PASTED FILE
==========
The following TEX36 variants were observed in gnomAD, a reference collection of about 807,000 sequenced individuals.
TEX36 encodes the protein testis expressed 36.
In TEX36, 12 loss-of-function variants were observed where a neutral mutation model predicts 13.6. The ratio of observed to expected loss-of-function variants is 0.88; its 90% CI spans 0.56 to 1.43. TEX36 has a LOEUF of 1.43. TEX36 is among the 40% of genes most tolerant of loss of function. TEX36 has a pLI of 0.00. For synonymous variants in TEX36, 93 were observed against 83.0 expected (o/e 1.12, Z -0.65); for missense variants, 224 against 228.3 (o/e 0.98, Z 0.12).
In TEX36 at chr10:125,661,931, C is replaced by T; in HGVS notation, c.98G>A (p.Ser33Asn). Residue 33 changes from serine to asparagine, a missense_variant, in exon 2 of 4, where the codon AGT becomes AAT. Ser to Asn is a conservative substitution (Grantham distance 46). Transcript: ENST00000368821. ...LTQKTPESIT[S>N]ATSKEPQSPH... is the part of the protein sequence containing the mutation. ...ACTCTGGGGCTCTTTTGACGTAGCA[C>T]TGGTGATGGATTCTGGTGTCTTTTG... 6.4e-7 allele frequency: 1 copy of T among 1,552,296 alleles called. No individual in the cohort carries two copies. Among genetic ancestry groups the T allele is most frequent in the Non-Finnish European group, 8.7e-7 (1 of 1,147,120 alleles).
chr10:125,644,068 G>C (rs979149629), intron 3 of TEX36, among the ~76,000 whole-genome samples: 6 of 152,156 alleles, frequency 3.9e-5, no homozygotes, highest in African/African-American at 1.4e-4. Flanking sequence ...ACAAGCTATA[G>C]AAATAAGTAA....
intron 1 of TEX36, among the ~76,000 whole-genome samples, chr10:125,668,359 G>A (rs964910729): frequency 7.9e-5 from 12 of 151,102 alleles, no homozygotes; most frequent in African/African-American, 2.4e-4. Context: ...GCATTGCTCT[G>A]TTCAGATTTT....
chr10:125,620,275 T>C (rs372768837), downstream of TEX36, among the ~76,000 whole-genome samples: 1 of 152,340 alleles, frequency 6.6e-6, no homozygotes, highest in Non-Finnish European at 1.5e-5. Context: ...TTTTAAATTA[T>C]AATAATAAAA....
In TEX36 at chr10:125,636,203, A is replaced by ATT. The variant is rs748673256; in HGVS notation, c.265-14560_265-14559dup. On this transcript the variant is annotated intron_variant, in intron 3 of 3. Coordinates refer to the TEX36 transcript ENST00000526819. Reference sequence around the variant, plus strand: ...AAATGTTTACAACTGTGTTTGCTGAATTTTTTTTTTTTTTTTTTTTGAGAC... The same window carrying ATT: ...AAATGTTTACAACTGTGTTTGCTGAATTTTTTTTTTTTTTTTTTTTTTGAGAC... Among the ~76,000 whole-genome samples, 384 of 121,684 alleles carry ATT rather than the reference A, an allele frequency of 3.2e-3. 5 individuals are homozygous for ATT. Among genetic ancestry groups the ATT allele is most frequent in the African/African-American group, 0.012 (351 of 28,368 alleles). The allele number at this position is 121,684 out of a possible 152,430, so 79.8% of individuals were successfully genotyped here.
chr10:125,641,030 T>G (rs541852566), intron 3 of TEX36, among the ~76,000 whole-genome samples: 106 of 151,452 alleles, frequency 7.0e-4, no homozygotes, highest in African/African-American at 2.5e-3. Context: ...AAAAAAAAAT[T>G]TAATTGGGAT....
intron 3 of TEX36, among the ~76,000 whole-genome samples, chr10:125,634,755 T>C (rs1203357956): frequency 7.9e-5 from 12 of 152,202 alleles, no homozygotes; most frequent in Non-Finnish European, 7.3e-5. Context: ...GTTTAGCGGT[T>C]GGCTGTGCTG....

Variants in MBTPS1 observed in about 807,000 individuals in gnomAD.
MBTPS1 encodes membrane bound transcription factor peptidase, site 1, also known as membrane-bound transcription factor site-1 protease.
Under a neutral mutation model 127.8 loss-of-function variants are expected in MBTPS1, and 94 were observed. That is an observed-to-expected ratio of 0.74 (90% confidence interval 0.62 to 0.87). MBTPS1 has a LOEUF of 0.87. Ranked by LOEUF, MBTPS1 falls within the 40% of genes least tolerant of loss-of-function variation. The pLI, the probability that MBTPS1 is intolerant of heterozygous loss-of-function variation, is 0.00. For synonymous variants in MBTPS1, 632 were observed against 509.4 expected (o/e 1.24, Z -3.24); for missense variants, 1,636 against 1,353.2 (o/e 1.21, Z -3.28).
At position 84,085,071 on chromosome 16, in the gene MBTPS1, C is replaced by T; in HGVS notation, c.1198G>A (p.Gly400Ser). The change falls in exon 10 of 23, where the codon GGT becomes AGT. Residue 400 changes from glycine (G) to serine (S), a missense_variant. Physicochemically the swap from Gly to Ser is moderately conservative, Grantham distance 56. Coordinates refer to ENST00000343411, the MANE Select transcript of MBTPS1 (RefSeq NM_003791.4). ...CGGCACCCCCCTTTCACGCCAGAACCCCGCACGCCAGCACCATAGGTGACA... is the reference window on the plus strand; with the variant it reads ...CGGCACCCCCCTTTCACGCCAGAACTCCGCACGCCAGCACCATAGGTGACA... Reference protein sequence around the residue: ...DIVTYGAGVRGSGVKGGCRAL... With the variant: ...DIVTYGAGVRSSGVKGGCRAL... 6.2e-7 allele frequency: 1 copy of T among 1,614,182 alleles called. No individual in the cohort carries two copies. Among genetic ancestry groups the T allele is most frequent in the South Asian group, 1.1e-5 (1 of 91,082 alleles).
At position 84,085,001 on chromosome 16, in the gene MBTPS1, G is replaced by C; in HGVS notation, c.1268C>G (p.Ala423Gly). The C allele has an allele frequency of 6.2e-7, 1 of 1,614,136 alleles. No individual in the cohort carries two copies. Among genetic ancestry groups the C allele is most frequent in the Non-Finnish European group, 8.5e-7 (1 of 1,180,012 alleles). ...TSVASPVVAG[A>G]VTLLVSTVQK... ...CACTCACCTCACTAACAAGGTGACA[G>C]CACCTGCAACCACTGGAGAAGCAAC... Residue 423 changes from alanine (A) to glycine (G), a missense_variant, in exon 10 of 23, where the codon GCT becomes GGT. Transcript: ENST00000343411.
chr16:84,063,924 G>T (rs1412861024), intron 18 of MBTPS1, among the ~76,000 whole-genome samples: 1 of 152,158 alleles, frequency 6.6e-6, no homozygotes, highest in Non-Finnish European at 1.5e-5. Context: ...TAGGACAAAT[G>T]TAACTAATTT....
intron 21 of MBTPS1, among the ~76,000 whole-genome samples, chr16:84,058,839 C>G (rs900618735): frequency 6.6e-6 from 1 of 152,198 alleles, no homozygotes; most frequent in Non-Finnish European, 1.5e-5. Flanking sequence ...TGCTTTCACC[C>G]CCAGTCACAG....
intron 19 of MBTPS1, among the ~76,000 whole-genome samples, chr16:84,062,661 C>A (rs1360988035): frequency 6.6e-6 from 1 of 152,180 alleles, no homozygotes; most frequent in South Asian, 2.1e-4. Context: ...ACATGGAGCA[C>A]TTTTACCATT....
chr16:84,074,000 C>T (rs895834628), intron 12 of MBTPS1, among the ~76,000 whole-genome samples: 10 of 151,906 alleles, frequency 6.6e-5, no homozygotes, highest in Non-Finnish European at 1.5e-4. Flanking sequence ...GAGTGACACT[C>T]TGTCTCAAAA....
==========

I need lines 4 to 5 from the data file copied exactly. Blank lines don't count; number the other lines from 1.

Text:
In TEX36 at chr10:125,661,931, C is replaced by T; in HGVS notation, c.98G>A (p.Ser33Asn). Residue 33 changes from serine to asparagine, a missense_variant, in exon 2 of 4, where the codon AGT becomes AAT. Ser to Asn is a conservative substitution (Grantham distance 46). Transcript: ENST00000368821. ...LTQKTPESIT[S>N]ATSKEPQSPH... is the part of the protein sequence containing the mutation. ...ACTCTGGGGCTCTTTTGACGTAGCA[C>T]TGGTGATGGATTCTGGTGTCTTTTG... 6.4e-7 allele frequency: 1 copy of T among 1,552,296 alleles called. No individual in the cohort carries two copies. Among genetic ancestry groups the T allele is most frequent in the Non-Finnish European group, 8.7e-7 (1 of 1,147,120 alleles).
chr10:125,644,068 G>C (rs979149629), intron 3 of TEX36, among the ~76,000 whole-genome samples: 6 of 152,156 alleles, frequency 3.9e-5, no homozygotes, highest in African/African-American at 1.4e-4. Flanking sequence ...ACAAGCTATA[G>C]AAATAAGTAA....